As I sit here typing this, I can feel my heart rate speeding up and my breathing becoming faster, with a sort of panicky feeling setting in. I’ve already deleted the start of this article at least ten times because I’m unsure how to go about writing this. But you know what? There’s no point in dragging this out any longer because it’s going to come out sooner or later (pun intended).

That being said, for starters, I support LGBTQ+ rights and the community as a whole. When I was younger, there were parts of the community that made me uncomfortable or that I did not understand. Growing up, however, I realized that it doesn’t matter whether I understand someone’s preferred gender or sexual orientation. It only matters that I respect them for their choices and treat them as I would anyone else. We, the LGTQ+ community, are people and we matter just as much as anyone else.

Yes, I said we. You didn’t read that wrong. I am bisexual. You also didn’t read that wrong.

Most of my friends have known since the summer after high school graduation, if not before. I came out to my parents in April 2017, so not that long ago. Aside from my friends and my parents, none of my relatives know and most of the people at USC don’t know unless I’ve chosen to tell them.

Coming out is a scary thing but it’s worth it. It’s worth finally feeling free and not having to hide a part of who I am. I decided to come out both in honor of National Coming Out Day and because I finally felt ready. I don’t want to hide anymore and I’m tired of pretending I “don’t have time for a boyfriend” when people inquire about my love life.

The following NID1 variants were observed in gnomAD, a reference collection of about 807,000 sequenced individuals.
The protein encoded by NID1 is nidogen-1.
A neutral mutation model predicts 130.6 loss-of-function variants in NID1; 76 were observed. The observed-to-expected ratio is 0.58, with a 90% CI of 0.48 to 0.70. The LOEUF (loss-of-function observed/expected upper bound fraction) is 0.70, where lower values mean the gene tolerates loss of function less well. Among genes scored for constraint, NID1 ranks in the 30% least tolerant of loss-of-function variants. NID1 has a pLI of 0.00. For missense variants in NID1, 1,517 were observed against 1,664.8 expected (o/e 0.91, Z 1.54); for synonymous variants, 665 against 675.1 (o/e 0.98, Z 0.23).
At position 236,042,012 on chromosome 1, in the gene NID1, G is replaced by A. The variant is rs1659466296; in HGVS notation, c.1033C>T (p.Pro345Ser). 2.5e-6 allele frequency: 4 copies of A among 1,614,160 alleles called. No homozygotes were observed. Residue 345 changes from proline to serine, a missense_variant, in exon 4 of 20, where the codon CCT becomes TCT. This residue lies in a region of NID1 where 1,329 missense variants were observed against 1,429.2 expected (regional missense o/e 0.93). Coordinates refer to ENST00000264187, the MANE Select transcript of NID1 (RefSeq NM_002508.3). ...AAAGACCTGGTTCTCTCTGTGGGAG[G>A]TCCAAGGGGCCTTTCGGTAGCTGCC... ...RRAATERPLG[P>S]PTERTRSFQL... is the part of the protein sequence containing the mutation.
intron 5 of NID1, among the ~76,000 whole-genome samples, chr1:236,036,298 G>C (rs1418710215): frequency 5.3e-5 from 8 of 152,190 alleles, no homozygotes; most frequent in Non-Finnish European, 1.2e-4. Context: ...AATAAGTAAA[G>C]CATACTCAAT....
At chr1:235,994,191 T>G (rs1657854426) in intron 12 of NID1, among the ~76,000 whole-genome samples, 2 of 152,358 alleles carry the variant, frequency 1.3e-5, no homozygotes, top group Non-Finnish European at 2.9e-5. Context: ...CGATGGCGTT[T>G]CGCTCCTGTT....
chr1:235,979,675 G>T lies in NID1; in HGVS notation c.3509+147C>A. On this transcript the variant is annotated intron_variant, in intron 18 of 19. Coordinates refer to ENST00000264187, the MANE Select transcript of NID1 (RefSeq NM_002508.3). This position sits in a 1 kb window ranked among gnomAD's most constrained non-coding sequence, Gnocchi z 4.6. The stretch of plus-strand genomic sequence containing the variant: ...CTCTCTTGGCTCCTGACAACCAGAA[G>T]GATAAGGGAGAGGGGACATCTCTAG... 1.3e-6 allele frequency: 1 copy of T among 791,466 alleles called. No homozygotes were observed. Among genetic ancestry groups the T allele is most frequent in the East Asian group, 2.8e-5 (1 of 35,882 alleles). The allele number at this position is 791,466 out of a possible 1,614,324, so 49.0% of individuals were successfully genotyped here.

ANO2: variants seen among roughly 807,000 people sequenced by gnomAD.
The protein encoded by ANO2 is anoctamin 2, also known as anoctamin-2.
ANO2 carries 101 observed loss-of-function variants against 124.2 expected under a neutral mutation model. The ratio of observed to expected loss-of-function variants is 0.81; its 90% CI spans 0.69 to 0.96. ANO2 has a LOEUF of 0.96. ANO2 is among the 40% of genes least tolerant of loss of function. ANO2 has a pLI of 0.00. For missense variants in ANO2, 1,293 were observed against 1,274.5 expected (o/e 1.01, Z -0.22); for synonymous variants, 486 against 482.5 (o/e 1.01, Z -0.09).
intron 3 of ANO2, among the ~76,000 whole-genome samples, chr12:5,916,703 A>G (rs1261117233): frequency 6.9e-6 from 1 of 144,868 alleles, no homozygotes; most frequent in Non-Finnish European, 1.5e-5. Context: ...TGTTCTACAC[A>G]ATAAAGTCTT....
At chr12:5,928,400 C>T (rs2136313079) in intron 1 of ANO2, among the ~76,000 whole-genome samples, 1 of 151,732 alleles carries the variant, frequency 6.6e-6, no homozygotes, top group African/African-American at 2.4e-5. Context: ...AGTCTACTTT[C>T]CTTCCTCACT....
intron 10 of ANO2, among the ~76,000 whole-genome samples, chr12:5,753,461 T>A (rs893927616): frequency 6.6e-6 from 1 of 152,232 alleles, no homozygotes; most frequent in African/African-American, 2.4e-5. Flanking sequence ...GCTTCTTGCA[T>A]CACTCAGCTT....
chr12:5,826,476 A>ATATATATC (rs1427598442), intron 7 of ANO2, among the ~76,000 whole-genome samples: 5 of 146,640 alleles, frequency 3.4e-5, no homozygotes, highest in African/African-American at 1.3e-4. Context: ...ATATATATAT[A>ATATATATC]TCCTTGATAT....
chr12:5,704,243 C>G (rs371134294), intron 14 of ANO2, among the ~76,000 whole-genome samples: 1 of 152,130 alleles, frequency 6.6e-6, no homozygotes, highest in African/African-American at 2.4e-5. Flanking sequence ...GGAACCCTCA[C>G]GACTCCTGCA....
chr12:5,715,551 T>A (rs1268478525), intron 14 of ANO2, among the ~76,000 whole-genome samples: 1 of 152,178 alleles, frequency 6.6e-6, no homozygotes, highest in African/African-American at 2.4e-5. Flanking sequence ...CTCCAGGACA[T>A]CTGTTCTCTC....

In all honesty, I’m not even 100% sure that I am bi. I might be gay, or I might be pansexual. I don’t know and that is perfectly fine. The label is not because I think I need one but because it makes it easier for me to put into terms “what” I am. So for now, I’m going to stick with bisexual. I ask that you support this decision. If you don’t support it, that isn’t really okay but I do understand. Just be respectful. I have feelings, too.

Me coming out may have come as a total shock or you may have already suspected it. Maybe you don’t even know me and you’re just along for the ride or you’re also struggling with your sexual orientation. It took me quite a few years to come to terms with the fact that I am not straight; I was in denial for quite a few years. I finally started approaching the idea with less reluctance and realized how many people around me are in the same boat.

If you know me, I ask that you do not tell my grandparents or family without Facebook/social media about this article. I would like to tell them on my own time, when I am ready (which I have a feeling will be sometime this year).

I want to be who I am, fully and unabashedly. Whether you are okay with it or not does not matter, because it ultimately comes down to how I view myself. I’m not straight and I’m proud of it.